It’s like a whirlwind in my head

I’ve wanted to write a book since I read Jurassic Park in the fourth grade. It was the thing that replaced the teddy bear (His name was Blue Bear) I took everywhere. I took that ratty little book everywhere I went. Read it four or five times that summer, I remember imaging my name on a book cover and how that made me feel. On my own creative journey, there was something larger that happened to me about five years later.

I know it wasn’t release day but it was a few weeks later. My sister had ballet class and the only way to get my mom to bring me to Strawberries (the precursor to the current FYE) was to tag along. I can vividly remember sitting in the back of my mom’s minivan fighting with that fucking plastic wrap, discman in my lap. I can call back that memory and I often do. I remember being hit by that smell, the new CD smell of:

Linkin Park’s debut Hybrid Theory released October 24th 2000

My sister had ballet class at this ladies house, across the street was this little pond. I am still there, still right in that car looking out at the pond, seeing the moon glisten from above onto the murky water, hearing the first notes of Papercut. (Important records have important memorable opening notes, see Taproot’s Gift)

It’s like a whirlwind in my head.

I didn’t understand what I was feeling for the duration of that album or what it was I was feeling whenever I’d listen to it from that point onward but I learned what it was a few years ago.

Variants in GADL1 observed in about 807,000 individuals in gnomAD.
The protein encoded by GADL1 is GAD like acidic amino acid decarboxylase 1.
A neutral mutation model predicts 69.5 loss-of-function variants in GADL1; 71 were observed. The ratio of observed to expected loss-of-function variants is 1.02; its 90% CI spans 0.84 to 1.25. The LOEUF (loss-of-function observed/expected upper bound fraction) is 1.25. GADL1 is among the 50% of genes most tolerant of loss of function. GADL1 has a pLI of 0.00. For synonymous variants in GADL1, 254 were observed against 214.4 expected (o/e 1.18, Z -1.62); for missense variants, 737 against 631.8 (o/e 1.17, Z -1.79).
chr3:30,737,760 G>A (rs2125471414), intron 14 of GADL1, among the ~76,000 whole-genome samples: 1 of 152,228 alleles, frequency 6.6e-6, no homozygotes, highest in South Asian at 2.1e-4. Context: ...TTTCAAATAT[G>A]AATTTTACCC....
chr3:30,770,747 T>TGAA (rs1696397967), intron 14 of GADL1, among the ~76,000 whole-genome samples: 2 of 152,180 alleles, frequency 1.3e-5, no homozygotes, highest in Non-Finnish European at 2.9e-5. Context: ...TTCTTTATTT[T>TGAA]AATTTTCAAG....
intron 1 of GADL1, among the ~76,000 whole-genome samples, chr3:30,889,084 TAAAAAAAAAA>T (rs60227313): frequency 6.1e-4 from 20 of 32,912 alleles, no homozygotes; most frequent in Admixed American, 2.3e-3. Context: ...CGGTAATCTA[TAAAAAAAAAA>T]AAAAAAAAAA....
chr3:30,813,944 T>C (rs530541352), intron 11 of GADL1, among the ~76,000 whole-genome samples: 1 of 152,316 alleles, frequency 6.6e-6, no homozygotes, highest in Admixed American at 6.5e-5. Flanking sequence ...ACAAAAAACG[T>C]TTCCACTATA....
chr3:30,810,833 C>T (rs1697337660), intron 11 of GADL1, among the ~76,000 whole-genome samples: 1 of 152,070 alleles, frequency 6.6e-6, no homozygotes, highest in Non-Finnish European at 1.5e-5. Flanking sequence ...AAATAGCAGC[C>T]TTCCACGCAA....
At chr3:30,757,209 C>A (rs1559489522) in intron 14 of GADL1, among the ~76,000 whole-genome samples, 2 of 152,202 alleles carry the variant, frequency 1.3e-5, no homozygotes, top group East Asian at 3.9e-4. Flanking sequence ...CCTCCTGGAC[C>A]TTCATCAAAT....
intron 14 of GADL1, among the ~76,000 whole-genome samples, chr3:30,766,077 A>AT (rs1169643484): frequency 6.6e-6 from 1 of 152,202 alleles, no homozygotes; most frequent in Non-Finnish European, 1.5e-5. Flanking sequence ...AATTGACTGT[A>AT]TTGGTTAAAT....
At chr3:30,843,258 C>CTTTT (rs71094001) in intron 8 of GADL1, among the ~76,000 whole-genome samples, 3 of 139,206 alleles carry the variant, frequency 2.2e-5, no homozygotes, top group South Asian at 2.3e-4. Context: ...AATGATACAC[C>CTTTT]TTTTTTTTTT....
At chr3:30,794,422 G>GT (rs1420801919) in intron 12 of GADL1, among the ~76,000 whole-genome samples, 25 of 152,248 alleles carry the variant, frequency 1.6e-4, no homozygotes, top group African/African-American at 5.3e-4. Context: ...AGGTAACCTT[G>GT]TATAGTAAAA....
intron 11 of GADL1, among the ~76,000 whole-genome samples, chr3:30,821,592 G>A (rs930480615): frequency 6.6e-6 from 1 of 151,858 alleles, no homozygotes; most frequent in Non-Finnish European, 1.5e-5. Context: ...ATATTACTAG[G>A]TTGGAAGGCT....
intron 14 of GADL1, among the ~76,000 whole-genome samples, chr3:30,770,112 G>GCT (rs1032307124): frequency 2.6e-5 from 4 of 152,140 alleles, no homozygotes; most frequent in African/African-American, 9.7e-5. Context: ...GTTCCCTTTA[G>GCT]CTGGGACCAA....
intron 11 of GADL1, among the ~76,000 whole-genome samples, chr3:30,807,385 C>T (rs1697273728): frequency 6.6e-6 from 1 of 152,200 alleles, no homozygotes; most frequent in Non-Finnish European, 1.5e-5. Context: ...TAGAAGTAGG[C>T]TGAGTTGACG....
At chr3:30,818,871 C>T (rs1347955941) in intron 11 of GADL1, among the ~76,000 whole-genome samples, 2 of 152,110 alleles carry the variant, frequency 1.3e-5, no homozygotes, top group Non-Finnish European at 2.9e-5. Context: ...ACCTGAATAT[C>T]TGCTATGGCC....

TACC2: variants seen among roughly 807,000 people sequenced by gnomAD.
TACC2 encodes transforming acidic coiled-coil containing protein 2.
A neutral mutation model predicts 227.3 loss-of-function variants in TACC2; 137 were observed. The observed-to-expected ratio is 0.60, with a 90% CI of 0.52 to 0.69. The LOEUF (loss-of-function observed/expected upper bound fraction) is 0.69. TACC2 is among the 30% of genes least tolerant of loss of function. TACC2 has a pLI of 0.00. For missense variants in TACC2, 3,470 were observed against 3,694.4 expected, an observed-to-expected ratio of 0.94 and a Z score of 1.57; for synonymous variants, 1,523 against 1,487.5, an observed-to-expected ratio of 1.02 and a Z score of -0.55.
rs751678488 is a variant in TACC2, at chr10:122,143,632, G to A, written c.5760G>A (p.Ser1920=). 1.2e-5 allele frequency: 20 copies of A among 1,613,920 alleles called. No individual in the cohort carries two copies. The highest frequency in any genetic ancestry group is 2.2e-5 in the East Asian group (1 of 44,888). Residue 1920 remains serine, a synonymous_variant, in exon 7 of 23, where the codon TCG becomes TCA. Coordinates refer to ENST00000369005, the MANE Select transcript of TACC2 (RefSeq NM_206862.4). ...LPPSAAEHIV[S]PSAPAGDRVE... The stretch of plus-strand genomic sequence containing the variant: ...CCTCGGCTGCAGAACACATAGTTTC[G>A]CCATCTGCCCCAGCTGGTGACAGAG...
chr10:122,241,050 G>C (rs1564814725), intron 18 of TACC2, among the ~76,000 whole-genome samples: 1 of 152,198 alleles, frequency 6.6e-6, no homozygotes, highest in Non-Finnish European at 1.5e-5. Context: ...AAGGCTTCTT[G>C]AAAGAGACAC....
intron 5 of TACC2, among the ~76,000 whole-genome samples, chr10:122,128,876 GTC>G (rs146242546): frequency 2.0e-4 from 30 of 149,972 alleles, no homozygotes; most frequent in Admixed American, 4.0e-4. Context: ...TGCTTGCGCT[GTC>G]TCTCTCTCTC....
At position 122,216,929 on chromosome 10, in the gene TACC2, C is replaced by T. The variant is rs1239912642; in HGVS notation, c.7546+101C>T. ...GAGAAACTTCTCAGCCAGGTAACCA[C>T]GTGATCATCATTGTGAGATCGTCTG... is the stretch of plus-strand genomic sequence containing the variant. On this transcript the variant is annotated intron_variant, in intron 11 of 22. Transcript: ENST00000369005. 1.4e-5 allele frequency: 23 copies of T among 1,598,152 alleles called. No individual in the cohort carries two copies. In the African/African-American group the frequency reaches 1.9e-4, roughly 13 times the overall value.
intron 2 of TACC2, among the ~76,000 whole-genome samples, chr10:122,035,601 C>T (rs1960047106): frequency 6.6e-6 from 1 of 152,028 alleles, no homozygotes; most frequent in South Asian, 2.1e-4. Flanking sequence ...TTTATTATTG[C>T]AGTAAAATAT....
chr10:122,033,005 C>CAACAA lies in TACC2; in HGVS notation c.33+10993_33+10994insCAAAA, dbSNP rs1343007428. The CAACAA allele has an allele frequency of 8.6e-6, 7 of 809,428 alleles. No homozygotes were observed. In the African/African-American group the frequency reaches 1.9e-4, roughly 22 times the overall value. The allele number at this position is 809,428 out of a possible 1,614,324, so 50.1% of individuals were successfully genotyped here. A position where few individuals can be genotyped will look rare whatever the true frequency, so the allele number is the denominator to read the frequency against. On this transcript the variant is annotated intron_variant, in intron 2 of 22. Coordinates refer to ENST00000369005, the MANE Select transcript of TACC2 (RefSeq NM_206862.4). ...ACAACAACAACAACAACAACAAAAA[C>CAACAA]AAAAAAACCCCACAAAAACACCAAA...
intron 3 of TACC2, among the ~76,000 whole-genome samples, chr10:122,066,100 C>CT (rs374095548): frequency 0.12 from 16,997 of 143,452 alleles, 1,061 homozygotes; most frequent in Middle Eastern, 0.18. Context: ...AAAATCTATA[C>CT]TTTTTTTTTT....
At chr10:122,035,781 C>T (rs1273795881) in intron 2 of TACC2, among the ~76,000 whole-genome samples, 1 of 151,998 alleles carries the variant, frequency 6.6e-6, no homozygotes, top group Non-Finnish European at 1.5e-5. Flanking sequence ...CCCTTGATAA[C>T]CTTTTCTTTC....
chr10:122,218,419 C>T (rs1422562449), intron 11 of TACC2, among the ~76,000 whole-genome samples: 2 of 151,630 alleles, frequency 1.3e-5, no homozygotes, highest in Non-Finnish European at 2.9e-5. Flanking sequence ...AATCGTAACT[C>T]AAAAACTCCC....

It’s a call. Deep inside of me I could feel it but couldn’t put it into words until I was really creating things. Even from that young age of 13 I wanted to make things and make people feel how I felt when I listened to that album. Part of it is about being heard but it’s more than that. For most of my life I’ve felt alone, completely alone and I’ve never really known how to express that. LP showed me I wasn’t alone and I didn’t need to worry about finding the words. In a way, it was like they were saying they have my back. And that’s the other side of it, I don’t just want to make things so people don’t feel alone. I want to make things and make people feel things because I fucking owe it to everyone that has helped me. I owe LP. I owe it to my fourth grade teacher. I owe it to friends and family I’ve lost. Even if it’s just one person. If I can make something that helps just one person then that’s it. I’ve done it. Debt paid.

I remember sitting there listening and feeling weightless. Everything I held onto and didn’t know what to do with was gone. It all lifted away. I was clean. I was real. I wasn’t what was wrong. I was okay.

I had a fairly troubled youth. Some of it was definitely my own doing, my own creation but I know at least early on it was in response to the things I kept inside. Because you learn by example and that was my example. But everything changed for the better, internally, when I found music. I couldn’t say the things that troubled my mind. The music said it for me.

In my teens, I started writing poetry and rap lyrics. Without Linkin Park I don’t think I’d be writing. At least not the way I do. Any time I hear Mike’s voice I get chills. I’m fairly certain there’s an alternate timeline where I’m rapping. Though I know I wouldn’t last long in that life. I’d be like…

This was incredibly hard to write. But not because it’s a sad memory, it’s a memory that stays. I call upon it a lot. When I have a bad writing day or I don’t feel like I’m doing anything. You know, when the doubt really creeps in. I put Linkin Park on. I may be writing prose but I’ve learned from music. I learned about passion and pacing from music.  It will always inspire me.

I remember I had a poster of Chester in my bedroom, it was a pin-up from Hit Parader magazine. And it just so happens, I had one of Chris Cornell next to him. I suppose reunions are usually tear-filled.

 

 

 

“We’re holding onto something that’s invisible there.”

Thoughts?

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